39:09 ACH: I forgot. I learned about it from this movie called the Best of Enemies. It's a really good movie about a civil rights leader and the KKK leader. Who had to come together and come up with I think it was a policy for where the black children should go because their school had burned down and they had to come together to problem solve. When I saw that, I felt like that happens in our everyday interactions at work. You have opposing teams, who don't want to work together. They want to do things differently. So how can I use that same concept to bring folks together to make a decision that benefits all the parties? That's another example of using something else outside my field to help me inform how I work. I'm going to be starting that soon, and I'm really excited and just digging into different Information and leadership professional development that follows along those lines. How can I use data to make better decisions and better informed decisions that benefit a good majority of people? That way we can continue making bigger impacts. That's what I'm focusing on for the rest of 2021.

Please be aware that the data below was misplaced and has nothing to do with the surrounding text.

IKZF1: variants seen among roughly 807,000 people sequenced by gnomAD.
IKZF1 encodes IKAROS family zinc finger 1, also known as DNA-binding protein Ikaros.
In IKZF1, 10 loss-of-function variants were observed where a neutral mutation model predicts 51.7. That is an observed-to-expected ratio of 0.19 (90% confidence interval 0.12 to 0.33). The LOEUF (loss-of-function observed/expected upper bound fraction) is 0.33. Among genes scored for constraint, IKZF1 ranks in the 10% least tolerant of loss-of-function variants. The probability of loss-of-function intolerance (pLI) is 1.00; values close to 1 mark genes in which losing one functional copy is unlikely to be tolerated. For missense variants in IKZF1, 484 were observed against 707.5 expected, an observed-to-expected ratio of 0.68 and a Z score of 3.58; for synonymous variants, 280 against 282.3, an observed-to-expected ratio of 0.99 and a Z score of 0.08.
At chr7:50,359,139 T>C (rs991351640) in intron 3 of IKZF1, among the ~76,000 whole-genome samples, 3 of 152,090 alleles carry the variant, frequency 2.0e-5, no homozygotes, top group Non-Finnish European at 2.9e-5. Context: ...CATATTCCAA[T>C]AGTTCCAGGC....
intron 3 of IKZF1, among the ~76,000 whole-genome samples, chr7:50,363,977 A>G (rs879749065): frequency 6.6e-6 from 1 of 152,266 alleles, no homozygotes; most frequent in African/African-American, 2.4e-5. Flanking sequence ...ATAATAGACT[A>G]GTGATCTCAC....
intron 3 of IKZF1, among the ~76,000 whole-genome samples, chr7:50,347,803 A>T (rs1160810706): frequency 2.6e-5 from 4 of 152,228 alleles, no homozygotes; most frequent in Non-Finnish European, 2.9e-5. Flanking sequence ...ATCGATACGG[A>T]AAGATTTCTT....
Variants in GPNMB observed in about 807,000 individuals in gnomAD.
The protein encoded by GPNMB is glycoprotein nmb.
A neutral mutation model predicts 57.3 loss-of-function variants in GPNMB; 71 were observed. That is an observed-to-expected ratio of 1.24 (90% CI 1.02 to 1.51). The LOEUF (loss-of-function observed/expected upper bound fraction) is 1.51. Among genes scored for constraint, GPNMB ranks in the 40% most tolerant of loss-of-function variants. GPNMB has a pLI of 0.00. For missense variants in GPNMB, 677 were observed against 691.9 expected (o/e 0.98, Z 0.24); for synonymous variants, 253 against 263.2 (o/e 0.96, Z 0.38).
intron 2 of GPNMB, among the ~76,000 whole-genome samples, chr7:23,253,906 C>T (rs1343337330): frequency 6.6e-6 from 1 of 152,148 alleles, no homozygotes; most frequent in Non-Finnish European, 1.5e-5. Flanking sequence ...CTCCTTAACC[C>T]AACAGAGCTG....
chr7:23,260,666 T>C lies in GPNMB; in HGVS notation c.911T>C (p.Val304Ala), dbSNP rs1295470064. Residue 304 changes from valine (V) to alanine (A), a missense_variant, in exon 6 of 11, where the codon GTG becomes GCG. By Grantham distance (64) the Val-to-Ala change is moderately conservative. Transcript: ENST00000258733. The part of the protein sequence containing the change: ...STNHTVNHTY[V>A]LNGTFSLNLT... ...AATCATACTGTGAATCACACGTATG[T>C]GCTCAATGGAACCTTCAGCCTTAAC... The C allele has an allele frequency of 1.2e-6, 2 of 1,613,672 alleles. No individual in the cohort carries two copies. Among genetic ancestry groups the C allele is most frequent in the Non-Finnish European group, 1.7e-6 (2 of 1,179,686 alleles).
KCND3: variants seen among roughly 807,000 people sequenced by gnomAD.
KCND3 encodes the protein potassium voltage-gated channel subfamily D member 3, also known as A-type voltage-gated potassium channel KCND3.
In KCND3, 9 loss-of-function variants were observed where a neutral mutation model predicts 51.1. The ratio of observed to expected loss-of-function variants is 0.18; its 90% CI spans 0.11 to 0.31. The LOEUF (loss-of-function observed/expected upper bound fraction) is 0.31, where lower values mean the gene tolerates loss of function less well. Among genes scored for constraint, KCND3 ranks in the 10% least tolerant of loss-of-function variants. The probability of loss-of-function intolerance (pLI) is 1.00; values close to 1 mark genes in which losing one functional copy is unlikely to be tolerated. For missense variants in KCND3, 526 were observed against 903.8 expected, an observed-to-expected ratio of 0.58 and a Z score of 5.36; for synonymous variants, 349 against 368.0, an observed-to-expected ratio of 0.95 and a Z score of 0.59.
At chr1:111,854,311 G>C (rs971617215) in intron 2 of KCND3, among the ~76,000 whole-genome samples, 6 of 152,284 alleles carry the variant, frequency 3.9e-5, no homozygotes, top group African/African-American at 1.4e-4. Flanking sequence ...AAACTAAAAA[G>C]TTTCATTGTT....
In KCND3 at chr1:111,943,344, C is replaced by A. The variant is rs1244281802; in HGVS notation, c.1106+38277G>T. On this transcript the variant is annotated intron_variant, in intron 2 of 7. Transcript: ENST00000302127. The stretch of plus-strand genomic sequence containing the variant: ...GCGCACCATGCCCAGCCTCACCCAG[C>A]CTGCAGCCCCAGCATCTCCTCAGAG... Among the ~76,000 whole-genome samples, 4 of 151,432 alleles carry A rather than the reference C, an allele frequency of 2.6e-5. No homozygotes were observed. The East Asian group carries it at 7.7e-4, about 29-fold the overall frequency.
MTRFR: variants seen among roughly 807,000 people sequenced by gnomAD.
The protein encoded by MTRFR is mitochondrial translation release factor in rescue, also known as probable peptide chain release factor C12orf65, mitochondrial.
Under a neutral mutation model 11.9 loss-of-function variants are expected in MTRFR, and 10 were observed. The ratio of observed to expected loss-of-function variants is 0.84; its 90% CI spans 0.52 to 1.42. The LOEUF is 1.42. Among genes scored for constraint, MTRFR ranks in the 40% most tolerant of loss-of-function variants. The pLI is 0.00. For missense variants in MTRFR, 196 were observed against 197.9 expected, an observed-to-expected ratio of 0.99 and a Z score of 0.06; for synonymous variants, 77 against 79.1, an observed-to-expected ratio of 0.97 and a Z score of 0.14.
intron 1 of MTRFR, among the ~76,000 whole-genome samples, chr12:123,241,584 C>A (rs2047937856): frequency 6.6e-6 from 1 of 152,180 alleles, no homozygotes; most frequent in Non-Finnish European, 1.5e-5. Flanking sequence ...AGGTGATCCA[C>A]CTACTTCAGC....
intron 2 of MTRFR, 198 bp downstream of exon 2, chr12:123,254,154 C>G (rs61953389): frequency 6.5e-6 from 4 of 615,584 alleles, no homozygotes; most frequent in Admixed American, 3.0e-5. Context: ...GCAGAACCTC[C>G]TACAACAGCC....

40:31 MI: That's so awesome. That project that you're working on, that's a really interesting way of looking at culture and problem-solving. All those types of things. So, yeah. That sounds like a fun project. 

40:42 ACH: Thank you. 

40:44 MI: Well, where can listeners find you? 

40:47 ACH: You can find me on LinkedIn as Alexzandria Cormier-Hill. I'm also on Twitter @Chill_TheCre8or. That's mainly where I talk about audience engagement, everything, branding, and marketing. I love to connect on those two platforms specifically because I think they're underutilized to Facebook. I love LinkedIn, so please connect with me on LinkedIn. 

41:35 MI: Well definitely connect with her. It was absolutely great having you on today. Super fun chatting with you. Wish you the best in the future and on this project that you're working on. 

41:49 ACH: Thank you. If there’s anything that I can do to support you and your podcast and your brand let me know. I'm a fan. You're my data friend now.

41:57 MI: Awesome. Well, again, thank you so much. And it was a pleasure having you on today. 

42:05 ACH: Same. Thank you.